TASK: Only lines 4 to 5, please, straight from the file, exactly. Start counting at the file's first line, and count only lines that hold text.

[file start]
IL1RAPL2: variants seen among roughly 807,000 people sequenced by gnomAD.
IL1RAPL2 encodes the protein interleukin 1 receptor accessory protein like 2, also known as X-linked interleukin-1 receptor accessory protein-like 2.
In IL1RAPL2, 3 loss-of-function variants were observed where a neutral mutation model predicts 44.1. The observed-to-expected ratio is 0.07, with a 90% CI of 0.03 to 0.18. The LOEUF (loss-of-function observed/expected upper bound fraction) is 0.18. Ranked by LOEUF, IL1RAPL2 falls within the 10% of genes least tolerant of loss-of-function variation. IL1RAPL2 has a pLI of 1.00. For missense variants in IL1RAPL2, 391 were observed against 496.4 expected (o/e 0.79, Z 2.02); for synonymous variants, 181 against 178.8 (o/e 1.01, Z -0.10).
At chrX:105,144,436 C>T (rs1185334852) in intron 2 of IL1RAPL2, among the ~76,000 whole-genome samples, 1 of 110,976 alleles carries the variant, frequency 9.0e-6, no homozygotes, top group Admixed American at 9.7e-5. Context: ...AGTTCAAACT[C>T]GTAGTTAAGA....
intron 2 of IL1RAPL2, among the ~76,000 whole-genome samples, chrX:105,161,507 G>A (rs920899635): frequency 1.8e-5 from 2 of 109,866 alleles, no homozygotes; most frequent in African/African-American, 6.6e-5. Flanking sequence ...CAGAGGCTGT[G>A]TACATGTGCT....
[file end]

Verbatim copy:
At chrX:105,144,436 C>T (rs1185334852) in intron 2 of IL1RAPL2, among the ~76,000 whole-genome samples, 1 of 110,976 alleles carries the variant, frequency 9.0e-6, no homozygotes, top group Admixed American at 9.7e-5. Context: ...AGTTCAAACT[C>T]GTAGTTAAGA....
intron 2 of IL1RAPL2, among the ~76,000 whole-genome samples, chrX:105,161,507 G>A (rs920899635): frequency 1.8e-5 from 2 of 109,866 alleles, no homozygotes; most frequent in African/African-American, 6.6e-5. Flanking sequence ...CAGAGGCTGT[G>A]TACATGTGCT....